Amazon’s Order Policy Will Affect Indie Authors and Publishers

A recent article in Publishers Weekly (Amazon Stands by Books) came and went without a lot of fanfare, but independent authors and micro publishers should be paying attention.  The article is about a drop in sales due to changes in Amazon’s order policy, which the company says is a result of a cut in the warehousing of products.  However, Amazon assures publishers that they stand by books and are not planning any moves to relegate book sales to third party sellers.  For the bigger publishers, this may be comforting, but for independent presses, and authors who publish and distribute through Ingram, there may be a problem.

How Ingram Works with Amazon

Ingram is a wholesaler.  If you print books in quantity, you may have a distribution partner or you may warehouse the copies in another way.  Orders placed directly to Ingram will be fulfilled according to the terms you have set.  If you are a Print-on-Demand publisher, then Amazon and other retailers will populate your title on their sites when you select “global distribution” as you upload your title to Ingram Spark.  An article that goes into this more deeply can be found here.

How Indies will be Affected

In the past Amazon often ordered a small quantity of print books for new titles without a distribution partner.  A dedicated sales rep could increase that number, but many indies cannot afford to pay for one.  Also, having a partner does not guarantee you will get a bigger order. 

Now, Amazon may order zero copies of a new title, unless there is a pre-order demand.  In that case Amazon may only order the number of copies required to fulfill those orders on release date.  If that happens any additional orders will take “1 – 3 weeks” to fulfill, while Amazon waits on a new bulk order.  If their algorithm does not predict many sales soon, it is possible that Amazon will not stock additional copies until an order comes in. 

Unfortunately, a traditional book distributor is not going to solve this issue either.  Recently we have been told by indie presses that there is “nothing that they can do”.  Amazon makes their decisions and they can’t be refuted. In these cases authors are linked to the market through a “middle man”.  They have to wait in the dark  for something to change.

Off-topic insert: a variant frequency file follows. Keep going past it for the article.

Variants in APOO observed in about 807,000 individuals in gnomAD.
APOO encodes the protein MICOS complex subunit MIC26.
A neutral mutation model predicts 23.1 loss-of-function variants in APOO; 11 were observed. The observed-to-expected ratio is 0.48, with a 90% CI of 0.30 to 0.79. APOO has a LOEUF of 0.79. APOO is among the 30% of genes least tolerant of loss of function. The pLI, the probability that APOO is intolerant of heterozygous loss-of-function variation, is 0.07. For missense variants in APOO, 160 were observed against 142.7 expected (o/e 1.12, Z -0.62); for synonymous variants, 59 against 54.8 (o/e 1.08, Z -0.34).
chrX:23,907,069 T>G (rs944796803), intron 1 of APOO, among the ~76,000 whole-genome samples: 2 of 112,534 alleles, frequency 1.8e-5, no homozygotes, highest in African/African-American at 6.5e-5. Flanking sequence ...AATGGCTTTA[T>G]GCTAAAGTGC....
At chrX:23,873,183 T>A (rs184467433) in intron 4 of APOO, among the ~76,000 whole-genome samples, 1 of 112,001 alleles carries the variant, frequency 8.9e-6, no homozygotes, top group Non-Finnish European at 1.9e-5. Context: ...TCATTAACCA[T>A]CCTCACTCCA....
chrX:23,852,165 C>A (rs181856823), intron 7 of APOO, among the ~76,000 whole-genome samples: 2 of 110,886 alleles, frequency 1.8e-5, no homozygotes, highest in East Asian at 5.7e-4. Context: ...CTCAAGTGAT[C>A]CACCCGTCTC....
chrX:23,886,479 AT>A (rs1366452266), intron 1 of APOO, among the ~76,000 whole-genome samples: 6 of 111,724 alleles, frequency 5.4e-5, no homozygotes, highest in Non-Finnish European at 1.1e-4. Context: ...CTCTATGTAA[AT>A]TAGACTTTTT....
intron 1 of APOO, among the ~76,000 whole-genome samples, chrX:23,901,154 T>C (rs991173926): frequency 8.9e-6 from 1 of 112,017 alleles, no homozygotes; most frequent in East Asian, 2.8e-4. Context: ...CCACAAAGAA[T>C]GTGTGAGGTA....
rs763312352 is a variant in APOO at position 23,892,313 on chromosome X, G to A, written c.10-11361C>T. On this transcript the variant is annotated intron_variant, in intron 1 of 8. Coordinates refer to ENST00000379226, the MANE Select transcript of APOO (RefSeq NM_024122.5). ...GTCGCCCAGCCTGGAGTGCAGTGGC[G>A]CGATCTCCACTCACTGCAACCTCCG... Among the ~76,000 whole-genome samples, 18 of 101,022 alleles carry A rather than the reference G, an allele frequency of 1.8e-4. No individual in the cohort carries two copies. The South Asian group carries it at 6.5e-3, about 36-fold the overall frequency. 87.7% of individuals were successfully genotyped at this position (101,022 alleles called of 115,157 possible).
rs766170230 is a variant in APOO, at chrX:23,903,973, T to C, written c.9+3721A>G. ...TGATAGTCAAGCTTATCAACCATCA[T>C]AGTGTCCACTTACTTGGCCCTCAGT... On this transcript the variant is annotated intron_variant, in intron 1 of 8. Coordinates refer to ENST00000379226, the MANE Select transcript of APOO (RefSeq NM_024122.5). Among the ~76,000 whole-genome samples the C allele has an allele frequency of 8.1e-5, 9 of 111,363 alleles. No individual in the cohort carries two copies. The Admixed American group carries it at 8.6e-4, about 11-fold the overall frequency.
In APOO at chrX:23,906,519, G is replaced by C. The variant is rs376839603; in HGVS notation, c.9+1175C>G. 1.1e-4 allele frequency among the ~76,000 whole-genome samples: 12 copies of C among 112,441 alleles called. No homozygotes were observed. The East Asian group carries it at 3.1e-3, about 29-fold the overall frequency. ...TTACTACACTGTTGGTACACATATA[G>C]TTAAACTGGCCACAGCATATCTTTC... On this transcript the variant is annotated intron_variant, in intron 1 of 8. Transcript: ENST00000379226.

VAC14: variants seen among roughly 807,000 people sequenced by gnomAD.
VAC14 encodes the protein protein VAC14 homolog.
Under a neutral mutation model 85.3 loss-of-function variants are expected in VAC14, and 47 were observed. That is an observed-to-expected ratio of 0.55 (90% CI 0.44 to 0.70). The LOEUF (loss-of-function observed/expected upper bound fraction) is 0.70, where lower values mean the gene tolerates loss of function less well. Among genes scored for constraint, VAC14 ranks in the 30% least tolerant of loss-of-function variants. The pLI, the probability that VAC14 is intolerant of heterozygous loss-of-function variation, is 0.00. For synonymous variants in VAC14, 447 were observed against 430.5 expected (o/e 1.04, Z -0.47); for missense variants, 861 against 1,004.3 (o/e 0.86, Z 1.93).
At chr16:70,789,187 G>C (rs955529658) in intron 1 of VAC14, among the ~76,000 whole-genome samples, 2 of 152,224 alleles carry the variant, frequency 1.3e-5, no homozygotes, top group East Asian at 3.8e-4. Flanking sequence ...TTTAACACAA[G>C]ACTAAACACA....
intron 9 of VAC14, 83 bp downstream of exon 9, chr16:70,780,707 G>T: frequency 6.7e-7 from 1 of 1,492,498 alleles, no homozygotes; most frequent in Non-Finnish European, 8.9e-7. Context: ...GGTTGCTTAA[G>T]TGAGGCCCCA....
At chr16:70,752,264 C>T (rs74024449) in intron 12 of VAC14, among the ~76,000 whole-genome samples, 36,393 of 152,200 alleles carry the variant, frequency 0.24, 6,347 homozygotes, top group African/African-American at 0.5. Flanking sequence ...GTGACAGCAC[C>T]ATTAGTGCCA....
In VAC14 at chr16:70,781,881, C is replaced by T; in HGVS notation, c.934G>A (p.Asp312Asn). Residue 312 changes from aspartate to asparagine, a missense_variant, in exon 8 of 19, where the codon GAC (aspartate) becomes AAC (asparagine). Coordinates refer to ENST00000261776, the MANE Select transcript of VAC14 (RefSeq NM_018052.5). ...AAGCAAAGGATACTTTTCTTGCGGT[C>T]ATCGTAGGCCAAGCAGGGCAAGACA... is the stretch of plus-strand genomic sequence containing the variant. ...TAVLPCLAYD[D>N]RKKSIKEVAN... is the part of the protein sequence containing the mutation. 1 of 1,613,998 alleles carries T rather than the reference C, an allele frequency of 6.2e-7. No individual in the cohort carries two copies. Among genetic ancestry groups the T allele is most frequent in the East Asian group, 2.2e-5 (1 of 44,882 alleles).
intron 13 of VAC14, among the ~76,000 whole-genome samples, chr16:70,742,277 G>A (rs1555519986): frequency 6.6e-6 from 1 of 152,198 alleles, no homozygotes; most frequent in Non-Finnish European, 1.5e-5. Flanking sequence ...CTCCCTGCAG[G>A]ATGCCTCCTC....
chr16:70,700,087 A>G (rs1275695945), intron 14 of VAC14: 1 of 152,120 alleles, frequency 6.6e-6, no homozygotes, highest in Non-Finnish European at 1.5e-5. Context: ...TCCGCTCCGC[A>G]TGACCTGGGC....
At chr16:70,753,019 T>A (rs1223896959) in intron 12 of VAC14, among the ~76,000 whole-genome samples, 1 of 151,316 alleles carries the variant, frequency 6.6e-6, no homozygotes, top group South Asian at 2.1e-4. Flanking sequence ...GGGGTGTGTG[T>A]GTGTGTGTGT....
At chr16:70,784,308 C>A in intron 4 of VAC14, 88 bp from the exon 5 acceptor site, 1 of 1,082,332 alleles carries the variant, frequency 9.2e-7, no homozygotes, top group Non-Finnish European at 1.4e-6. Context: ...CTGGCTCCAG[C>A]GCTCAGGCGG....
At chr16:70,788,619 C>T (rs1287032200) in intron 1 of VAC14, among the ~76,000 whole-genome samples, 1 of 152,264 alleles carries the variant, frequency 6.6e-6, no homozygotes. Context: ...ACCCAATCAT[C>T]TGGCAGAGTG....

While this is happening, there could be second-hand sellers on Amazon offering the book as “in stock”.  They may appear as “trusted sellers”.  Some of these people could have received a review copy for free and they are turning it around to earn a few bucks.  The books could have associated shipping costs and delivery dates of several days or more.  It looks bad to prospective Prime book buyers who are trained to get their products in two days or less.  It could deter people from purchasing.

Solving Amazon’s Order Policy Problem

The most direct way for Print-on-Demand (POD) publishers to solve the problem created by Amazon’s order policy is to publish directly to their KDP platform in paperback or hardcover.  If you do this after your title has been uploaded on Ingram Spark, your Amazon upload will overwrite Ingram’s.  You can still link your ebook to your account, even if you published that format through Ingram only.  

This method ensures that Amazon will have a vested interest in your book being available on their site.  Amazon has become your printer for the format you uploaded.  Your terms selling directly on the platform will be 60/40 in your favor, the book will be Prime eligible, and you can participate in direct advertising.